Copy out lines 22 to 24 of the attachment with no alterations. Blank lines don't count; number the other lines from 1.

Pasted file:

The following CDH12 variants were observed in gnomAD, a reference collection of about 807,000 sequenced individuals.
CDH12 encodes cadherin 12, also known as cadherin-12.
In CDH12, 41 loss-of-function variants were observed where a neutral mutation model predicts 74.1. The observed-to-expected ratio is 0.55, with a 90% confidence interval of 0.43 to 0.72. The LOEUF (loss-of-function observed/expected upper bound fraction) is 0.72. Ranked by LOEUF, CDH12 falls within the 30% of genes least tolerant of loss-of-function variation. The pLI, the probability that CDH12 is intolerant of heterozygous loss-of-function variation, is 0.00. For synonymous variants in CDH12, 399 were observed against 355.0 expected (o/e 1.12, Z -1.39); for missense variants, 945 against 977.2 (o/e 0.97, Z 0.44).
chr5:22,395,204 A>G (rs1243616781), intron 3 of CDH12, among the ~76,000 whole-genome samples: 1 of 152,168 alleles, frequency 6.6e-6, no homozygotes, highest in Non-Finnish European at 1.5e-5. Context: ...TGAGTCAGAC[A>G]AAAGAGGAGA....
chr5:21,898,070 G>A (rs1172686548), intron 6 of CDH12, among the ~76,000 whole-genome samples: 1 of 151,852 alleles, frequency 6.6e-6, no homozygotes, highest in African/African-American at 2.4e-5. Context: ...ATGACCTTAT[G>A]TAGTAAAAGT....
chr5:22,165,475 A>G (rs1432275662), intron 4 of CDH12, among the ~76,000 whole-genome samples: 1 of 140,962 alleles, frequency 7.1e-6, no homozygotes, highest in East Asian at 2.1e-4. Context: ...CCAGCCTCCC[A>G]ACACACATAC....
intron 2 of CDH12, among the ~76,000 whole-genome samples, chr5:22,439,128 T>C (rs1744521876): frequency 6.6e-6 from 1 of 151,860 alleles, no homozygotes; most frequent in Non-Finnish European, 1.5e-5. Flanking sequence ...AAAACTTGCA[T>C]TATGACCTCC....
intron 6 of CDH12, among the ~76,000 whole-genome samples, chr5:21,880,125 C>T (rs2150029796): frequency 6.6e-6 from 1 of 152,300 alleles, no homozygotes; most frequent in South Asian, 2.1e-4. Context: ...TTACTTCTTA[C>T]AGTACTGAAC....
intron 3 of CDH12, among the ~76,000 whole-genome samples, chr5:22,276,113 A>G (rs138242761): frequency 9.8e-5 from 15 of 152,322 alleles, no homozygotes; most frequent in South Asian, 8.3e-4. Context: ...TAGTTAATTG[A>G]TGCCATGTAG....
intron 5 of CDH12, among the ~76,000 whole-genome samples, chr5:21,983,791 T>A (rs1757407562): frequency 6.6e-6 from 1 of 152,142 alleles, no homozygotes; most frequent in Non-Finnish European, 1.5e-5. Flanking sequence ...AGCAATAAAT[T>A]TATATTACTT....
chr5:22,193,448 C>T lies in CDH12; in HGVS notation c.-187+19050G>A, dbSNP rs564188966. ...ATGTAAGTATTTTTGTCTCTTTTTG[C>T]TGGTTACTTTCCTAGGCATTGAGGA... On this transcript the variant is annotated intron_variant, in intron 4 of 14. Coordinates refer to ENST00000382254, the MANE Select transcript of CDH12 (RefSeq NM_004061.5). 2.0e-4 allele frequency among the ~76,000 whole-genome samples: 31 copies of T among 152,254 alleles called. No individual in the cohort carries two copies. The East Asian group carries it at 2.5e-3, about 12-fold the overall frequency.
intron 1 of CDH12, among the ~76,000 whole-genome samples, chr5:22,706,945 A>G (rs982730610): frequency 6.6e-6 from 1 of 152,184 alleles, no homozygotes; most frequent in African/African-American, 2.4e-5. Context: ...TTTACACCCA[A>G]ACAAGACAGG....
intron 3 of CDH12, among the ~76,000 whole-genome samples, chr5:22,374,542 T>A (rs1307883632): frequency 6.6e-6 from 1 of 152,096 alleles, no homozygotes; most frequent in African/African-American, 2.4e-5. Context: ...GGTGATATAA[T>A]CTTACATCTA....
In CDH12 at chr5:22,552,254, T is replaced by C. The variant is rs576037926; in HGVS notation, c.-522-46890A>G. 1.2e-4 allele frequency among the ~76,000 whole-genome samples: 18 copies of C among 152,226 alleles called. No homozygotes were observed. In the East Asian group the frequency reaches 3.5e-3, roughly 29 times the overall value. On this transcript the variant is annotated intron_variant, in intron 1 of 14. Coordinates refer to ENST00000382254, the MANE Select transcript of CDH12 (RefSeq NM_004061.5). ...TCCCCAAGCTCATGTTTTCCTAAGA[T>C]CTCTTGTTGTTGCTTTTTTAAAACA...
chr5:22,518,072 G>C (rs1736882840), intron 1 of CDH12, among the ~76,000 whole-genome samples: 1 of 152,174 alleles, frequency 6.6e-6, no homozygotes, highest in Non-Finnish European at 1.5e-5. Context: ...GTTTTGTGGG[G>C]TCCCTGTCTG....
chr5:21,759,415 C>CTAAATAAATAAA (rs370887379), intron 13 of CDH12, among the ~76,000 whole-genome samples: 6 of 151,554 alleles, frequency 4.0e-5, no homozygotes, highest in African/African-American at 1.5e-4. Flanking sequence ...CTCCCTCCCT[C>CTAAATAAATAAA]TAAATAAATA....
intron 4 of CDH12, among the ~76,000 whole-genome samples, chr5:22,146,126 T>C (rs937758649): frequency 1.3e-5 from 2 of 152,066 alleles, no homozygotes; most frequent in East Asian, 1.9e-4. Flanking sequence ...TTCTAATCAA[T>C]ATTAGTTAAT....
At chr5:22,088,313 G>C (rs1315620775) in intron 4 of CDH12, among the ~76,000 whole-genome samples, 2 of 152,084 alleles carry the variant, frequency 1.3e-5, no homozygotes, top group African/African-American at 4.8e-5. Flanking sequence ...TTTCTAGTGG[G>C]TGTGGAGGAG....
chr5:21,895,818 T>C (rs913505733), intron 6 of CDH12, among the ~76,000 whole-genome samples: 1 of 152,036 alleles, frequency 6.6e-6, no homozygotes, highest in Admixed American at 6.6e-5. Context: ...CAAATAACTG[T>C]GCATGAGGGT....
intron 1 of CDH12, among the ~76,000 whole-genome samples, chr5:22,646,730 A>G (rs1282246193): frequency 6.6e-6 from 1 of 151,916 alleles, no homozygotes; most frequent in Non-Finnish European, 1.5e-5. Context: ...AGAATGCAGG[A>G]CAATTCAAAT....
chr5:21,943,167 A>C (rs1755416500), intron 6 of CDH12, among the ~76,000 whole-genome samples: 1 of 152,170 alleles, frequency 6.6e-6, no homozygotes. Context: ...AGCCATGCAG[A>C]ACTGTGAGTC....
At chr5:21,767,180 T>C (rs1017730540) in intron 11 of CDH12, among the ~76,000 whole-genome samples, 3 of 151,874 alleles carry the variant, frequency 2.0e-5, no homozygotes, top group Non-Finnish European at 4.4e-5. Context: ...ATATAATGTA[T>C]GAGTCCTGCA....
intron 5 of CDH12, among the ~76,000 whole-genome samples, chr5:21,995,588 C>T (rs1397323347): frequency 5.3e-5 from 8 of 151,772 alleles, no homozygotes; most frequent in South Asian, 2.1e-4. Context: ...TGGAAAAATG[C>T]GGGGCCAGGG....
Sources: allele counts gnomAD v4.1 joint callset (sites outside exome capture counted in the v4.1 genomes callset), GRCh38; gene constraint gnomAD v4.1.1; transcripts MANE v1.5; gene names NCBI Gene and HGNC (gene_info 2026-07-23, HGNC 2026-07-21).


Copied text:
At chr5:21,767,180 T>C (rs1017730540) in intron 11 of CDH12, among the ~76,000 whole-genome samples, 3 of 151,874 alleles carry the variant, frequency 2.0e-5, no homozygotes, top group Non-Finnish European at 4.4e-5. Context: ...ATATAATGTA[T>C]GAGTCCTGCA....
intron 5 of CDH12, among the ~76,000 whole-genome samples, chr5:21,995,588 C>T (rs1397323347): frequency 5.3e-5 from 8 of 151,772 alleles, no homozygotes; most frequent in South Asian, 2.1e-4. Context: ...TGGAAAAATG[C>T]GGGGCCAGGG....
Sources: allele counts gnomAD v4.1 joint callset (sites outside exome capture counted in the v4.1 genomes callset), GRCh38; gene constraint gnomAD v4.1.1; transcripts MANE v1.5; gene names NCBI Gene and HGNC (gene_info 2026-07-23, HGNC 2026-07-21).